If “society is nothing but a school for lies,” then Mad Horse Theatre is a double-edged blade of wit that cuts through the artifice with sidesplitting precision.

“The School For Lies” is an adaptation of Moliere’s  “The Misanthrope” written by David Ives. Ives maintains Moliere’s barbed societal sarcasm, with a devilishly fun twist. The play is still set in 1666 France, but the language is modern-day English, delivered in iambic pentameter.

Although this twist isn’t exactly a novel idea, Ives’ writing stands out for being twofold smart and funny, with lines such as, “You’d trust a fecal-file to smell your roses?” 

The lines are multilayered, and there are plenty of subtle jokes and references. 

“Better to be a tart, than a tartuffe,” quips Celimene (Janice Gardner), referencing both the French word for “hypocrite” and the title of another Moliere play.

On the surface, “The School For Lies” is downright silly. Foppish suitors Clitander (Evan Dalzell) and Acaste (Shawn Reardon) wear satin women’s pumps, with oversized bows, and Philante (Nate Speckman) appears in the second act dressed like the fairy godmother from “Cinderella,” complete with a star wand. 

The costumes are fantastic fun, and so is the cast wearing them. 

Burke Brimmer, as Frank, is the jerk everyone loves. He’s quick-witted and, as his name implies, says what most of us only dream of saying. No one, or thing, is safe from his droll musings, whether he’s poking fun at the “wart” on Oronte’s (Chris Horton) nose, or feminizing Clitander by intentionally mispronouncing his name.

The fast-paced dialogue flows from his sharp tongue with ease, and an impish smile playfully peeks out from his copious facial hair. The combination is irresistible.

Gardner goes toe-to-toe with Brimmer in the battle of wits, and both are victorious.She is sassy and nimble-tongued as Frank’s amour, Celimene. Her and Brimmer’s double-entendre sparring is loads of fun, and keeps the audience on its mental toes.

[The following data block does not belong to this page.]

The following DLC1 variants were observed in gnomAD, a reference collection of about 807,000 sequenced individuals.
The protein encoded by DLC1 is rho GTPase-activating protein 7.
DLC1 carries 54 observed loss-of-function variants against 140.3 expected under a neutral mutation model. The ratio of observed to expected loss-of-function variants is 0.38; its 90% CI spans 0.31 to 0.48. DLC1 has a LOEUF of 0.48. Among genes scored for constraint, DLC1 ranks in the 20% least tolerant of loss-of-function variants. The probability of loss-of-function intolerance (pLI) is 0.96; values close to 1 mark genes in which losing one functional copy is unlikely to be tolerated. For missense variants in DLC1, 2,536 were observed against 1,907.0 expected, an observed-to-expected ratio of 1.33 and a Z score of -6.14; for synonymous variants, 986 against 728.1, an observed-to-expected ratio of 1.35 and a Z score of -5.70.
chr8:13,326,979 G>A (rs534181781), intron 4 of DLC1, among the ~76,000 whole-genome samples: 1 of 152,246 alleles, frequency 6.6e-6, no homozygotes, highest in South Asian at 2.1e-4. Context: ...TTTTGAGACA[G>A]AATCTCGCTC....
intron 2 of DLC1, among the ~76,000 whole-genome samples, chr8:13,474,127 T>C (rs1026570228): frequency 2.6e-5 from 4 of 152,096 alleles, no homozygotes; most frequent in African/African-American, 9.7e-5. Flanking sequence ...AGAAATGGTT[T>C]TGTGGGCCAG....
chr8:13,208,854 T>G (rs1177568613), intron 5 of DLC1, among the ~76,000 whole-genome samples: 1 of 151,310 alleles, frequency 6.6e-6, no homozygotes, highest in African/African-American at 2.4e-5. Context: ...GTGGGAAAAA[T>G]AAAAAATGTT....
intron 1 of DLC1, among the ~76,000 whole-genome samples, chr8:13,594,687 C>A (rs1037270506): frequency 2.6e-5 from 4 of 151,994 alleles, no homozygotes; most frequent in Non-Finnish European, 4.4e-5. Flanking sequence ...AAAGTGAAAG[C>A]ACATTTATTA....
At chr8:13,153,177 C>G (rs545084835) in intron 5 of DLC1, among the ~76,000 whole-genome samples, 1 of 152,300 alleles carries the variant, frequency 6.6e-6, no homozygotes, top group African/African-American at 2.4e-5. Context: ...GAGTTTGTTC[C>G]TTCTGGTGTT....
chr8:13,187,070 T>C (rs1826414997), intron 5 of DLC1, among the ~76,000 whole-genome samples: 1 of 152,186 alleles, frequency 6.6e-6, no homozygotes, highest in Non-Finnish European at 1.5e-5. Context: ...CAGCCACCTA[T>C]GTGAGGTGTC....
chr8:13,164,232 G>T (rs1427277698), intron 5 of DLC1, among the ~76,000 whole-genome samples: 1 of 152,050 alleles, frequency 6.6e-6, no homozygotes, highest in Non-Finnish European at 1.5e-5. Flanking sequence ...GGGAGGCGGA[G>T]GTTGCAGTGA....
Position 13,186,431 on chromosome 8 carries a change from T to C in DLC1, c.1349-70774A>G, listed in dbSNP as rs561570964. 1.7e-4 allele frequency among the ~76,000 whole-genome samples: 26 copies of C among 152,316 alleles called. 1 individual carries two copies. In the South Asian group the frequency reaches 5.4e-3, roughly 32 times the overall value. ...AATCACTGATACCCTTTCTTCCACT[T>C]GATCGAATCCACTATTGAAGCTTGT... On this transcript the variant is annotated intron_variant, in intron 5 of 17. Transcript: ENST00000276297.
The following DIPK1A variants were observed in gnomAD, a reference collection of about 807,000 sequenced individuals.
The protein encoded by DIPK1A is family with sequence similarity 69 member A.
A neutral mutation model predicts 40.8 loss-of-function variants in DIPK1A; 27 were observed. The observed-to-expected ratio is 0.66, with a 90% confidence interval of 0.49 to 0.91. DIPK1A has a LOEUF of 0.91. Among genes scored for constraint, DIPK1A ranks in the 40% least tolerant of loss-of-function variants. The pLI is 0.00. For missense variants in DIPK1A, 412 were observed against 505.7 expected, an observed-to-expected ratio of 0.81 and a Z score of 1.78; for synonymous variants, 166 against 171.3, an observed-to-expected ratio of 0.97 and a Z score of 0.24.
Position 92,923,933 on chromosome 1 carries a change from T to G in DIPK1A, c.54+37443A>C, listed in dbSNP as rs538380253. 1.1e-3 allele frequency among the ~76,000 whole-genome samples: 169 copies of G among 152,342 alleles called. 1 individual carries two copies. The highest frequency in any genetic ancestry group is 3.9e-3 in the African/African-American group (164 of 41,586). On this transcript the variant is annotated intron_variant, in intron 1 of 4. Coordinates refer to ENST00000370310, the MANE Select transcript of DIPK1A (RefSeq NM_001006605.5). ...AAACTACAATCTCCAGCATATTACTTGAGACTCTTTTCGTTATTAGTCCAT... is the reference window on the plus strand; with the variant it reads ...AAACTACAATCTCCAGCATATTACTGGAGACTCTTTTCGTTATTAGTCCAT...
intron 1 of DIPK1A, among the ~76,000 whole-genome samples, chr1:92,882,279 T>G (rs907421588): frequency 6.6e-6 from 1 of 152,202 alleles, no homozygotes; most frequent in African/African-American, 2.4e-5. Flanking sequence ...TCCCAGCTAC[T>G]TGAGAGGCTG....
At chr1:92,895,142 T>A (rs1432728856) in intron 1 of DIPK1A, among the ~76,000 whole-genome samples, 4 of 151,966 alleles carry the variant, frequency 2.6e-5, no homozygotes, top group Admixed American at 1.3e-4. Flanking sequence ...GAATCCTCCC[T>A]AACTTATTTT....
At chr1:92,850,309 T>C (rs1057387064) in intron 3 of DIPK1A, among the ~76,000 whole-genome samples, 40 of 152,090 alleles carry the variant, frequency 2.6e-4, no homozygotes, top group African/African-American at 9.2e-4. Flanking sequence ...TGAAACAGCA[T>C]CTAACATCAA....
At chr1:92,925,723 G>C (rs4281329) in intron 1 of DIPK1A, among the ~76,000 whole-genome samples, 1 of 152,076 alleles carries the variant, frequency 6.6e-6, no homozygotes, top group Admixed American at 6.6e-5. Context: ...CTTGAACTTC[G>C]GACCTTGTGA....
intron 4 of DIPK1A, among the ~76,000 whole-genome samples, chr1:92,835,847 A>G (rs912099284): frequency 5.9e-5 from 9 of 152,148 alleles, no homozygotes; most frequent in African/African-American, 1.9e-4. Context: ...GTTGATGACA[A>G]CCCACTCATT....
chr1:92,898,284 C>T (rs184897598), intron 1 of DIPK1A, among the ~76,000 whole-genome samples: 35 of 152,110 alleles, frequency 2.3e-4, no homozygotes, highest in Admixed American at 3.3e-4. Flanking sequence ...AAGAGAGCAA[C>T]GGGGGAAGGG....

There’s plenty of chunky substance under the fluff in Ives’ comedic fluffernutter, and Mad Horse Theatre gleefully spreads his message with a deliciously nutty cast of characters.

There’s the backstabber, Arsinoe, played fiendishly by Kerry Ann Loomis. Clitander, Oronte and Acaste are the self-absorbed sycophants, too in love with themselves to have true depth of feeling for another. Philante and Eliante (Kat Moraros) appear sweet and stable, but are teeming with secrets. And Dubois, entertainingly played by Johnny Speckman, is a character most of us can identify with — the guy pushed to his breaking point.        

Mad Horse Theatre revels in presenting productions that are open for interpretation. The nine cast members all clearly delight in helping the audience unearth the layers, and do so with an all-knowing wink that’s hard to resist. 

April Boyle is a freelance writer from Casco.  She can be contacted at:

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